It’s fitting that Isabel Toledo, who passed away yesterday, will be remembered as the designer of the lemongrass-yellow coat and dress that Michelle Obama wore to the 2009 inauguration of her husband, President Barack Obama. Like the First Lady, Isabel Toledo was a woman who thrived as one half of an inspiring couple, but whose talents were wholly her own.
Together with her husband, the artist and illustrator Ruben Toledo, Isabel was a force for creativity in New York City. From the launch of her debut collection in 1985, she was a designer’s designer, a master of what she called “liquid architecture.” Isabel took an education from FIT and Parsons and a stint interning at the Met Costume Institute under Diana Vreeland and developed a unique fashion vernacular, a kind of mystical geometry that allowed her to transform two-dimensional cloth into kite-like dresses. In 1997, choreographer Twyla Tharp was so inspired by Isabel’s surreal, amorphous Hermaphrodite dress that she asked her to collaborate on costumes for the American Ballet Theater.
Isabel’s story is woven in love: her love of Cuba, where she was born in 1960; America, her adopted country; her family and friends; her craft and the devoted artisans who worked with her. But her love story with Ruben plumbs a depth of the heart with no end. It is a story of such spiritual devotion and mutual understanding that in the over the thirty years I have known them, I never once saw them apart.
It has always been so. Isabel’s autobiography, Roots of Style: Weaving Together Life, Love, and Fashion, published in 2012 and illustrated by Ruben, tells her story of growing up in Cuba, of what it meant to arrive in this country as an immigrant, and of meeting Ruben in high school in New Jersey where Ruben’s family had landed, also after immigrating from Cuba. She writes, “Love was the guiding light that introduced me at a young age to my husband, the artist and illustrator Ruben Toledo, who fell in love at first sight with a shy dreamer of a girl. I fell in love with Ruben’s art first. It took another four years for me to reciprocate and realize that this kid was the love of my life. While I was busy playing, sewing, dancing, and growing up, I discovered that Ruben was the missing link, in the best possible sense of those words. Love is often the missing link in life. Once that element flowers, the rest of life seems to flow along.”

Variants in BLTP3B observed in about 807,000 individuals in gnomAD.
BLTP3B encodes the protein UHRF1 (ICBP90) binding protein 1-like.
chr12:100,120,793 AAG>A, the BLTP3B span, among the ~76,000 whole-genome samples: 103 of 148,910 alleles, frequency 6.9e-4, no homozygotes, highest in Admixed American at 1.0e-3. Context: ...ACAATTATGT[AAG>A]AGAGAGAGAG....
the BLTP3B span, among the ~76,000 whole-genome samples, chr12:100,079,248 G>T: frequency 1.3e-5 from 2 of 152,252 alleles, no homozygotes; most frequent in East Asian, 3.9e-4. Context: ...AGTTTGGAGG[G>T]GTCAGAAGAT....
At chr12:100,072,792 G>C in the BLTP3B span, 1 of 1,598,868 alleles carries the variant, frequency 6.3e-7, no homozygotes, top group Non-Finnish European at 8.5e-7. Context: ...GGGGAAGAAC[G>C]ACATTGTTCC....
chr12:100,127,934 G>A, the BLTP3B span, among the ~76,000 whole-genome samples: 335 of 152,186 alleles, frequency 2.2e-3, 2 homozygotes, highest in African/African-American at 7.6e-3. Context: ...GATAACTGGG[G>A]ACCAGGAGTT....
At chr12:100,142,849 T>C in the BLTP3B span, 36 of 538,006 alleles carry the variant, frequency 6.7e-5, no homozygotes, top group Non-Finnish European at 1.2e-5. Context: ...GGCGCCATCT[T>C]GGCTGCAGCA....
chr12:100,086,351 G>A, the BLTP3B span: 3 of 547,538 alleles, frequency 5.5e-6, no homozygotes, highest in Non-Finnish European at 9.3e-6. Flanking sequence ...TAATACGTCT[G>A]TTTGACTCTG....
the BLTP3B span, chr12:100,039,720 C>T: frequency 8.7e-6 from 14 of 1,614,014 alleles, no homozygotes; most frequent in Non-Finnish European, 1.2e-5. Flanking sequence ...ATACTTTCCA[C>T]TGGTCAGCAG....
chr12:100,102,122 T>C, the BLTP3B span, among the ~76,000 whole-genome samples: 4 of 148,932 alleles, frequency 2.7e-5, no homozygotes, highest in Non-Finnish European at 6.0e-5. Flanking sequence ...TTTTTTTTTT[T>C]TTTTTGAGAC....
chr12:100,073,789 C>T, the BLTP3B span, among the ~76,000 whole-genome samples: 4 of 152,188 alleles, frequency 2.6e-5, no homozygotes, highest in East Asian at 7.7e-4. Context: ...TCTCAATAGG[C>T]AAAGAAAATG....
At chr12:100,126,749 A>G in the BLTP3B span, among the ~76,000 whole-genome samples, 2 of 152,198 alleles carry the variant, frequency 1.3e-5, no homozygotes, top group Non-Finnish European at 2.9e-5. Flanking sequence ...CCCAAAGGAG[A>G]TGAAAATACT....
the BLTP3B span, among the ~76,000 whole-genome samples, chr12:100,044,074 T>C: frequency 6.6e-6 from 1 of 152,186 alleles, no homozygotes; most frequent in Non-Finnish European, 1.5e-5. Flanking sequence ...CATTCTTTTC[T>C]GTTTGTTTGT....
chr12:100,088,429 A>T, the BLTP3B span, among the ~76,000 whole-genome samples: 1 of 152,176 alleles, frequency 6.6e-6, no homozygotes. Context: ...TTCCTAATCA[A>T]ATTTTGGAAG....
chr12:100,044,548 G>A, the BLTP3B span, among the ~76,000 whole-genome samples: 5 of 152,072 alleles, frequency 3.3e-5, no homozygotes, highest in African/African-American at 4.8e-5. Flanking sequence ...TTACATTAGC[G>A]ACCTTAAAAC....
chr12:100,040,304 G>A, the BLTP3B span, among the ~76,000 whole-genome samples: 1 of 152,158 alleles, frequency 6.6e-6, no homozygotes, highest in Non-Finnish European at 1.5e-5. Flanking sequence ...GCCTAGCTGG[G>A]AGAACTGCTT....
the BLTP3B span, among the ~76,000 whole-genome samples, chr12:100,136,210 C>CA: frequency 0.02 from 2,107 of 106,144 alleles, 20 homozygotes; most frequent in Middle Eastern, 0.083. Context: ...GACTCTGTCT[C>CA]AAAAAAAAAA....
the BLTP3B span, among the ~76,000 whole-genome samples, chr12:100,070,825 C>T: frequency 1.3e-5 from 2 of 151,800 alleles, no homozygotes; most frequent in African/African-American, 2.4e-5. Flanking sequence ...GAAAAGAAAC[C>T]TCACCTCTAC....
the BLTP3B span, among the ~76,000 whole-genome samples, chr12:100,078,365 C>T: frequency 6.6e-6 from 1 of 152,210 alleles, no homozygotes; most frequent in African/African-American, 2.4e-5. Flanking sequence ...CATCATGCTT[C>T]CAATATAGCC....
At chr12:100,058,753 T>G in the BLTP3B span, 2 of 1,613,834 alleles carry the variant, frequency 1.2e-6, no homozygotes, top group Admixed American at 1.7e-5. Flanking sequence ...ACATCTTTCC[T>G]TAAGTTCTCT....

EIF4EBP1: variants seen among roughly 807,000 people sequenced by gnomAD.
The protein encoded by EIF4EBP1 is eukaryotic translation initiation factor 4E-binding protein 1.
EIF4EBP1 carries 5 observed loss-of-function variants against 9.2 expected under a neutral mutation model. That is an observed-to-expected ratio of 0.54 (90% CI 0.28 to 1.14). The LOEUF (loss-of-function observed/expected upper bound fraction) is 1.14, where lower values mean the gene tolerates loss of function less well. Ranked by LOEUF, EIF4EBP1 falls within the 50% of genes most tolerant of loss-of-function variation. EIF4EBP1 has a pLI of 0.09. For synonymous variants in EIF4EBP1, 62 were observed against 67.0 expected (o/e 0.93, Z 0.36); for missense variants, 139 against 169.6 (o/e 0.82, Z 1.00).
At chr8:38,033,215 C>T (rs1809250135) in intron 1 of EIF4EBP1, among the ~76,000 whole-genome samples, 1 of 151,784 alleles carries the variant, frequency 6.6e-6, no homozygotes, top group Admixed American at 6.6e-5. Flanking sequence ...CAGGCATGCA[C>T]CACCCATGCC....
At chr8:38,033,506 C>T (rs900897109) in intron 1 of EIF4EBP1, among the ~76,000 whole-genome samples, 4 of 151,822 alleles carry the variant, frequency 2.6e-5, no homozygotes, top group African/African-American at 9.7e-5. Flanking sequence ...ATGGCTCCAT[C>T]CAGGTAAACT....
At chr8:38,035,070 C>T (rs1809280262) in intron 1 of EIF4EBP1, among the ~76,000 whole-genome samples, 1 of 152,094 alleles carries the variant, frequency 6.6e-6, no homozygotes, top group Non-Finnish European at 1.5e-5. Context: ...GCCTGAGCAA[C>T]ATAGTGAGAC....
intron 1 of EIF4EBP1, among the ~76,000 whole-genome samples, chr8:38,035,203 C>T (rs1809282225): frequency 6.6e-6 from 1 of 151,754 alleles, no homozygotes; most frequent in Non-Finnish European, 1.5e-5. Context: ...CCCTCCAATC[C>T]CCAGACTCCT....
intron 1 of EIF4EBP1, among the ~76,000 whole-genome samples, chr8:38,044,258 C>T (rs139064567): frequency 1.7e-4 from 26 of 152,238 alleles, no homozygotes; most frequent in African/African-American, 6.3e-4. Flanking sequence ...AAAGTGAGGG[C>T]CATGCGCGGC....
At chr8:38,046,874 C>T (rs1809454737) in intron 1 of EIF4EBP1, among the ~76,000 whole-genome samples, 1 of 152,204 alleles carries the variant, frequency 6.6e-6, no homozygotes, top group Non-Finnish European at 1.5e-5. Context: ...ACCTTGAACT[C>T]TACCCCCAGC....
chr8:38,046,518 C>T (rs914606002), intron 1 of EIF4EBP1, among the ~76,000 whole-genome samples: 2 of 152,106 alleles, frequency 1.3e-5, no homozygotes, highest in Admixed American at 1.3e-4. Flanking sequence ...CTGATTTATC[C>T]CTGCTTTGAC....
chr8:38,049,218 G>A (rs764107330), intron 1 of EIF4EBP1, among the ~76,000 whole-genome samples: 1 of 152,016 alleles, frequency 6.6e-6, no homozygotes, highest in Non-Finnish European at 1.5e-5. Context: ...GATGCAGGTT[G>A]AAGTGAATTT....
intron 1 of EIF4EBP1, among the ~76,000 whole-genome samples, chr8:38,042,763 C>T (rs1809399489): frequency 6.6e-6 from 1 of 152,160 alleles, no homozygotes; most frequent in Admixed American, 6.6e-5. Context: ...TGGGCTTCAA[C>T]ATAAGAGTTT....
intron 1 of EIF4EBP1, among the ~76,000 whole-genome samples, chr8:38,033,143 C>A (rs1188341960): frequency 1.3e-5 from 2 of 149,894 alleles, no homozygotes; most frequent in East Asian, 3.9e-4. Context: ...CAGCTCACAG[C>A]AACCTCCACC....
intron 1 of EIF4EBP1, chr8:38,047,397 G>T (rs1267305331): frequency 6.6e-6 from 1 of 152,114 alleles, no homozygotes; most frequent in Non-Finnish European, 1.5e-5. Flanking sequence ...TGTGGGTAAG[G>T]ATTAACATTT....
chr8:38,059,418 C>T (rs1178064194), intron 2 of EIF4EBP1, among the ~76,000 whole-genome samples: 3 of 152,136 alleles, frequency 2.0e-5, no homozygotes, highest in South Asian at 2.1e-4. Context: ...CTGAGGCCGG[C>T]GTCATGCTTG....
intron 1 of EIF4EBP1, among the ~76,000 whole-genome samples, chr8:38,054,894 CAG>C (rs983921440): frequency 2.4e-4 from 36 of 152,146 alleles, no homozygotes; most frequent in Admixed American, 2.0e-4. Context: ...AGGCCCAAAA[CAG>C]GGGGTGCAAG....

Isabel and Ruben brought their youth and talent to a city rife with artists who became friends: Andy Warhol, Keith Haring, Kenny Scharf. They befriended performer Joey Arias at Fiorucci’s, the store Isabel describes in her book as “the daytime headquarters of Studio 54.” Designer Patricia Field bought Isabel’s designs for her store. Bill Cunningham chronicled everything they did up until his death. And Kim Hastreiter, founder of Paper magazine, championed their talent from the very beginning and remained one of their closest friends.
Always independent, Isabel was dubbed part of a ‘new wave’ of fashion by the International Herald Tribune’s Hebe Dorsey, along with John Galliano, Romeo Gigli, and Marc Jacobs. In 1998, she decided to get off the hamster wheel of producing fashion shows, concentrating on her own diverse creative endeavors with Ruben. These included designing costumes for Broadway, costumes and sets for ballet, collections for Anne Klein, and even shoes for Payless. Isabel was the winner of the Smithsonian Museum’s Cooper-Hewitt National Design Award for Fashion in 2005, and the Couture Council Award for Artistry in Fashion in 2008. Her work was cataloged in two shows at FIT: “Toledo/Toledo: A Marriage of Art and Fashion” in 1997, and “Isabel Toledo, Fashion from the Inside Out” in 2009.
But the burning light in Isabel’s life was always Ruben. She dedicated her book to him with the words, “FOREVER RUBEN who is the warmest part of me I have no control over.” The last time I saw them together, they were leaving a performance at the Metropolitan Opera. They had said their good- byes to everyone, and in a flash they were out way ahead of all of us, walking arm in arm, in perfect step, two magnificent figures parting the night on their own very private path.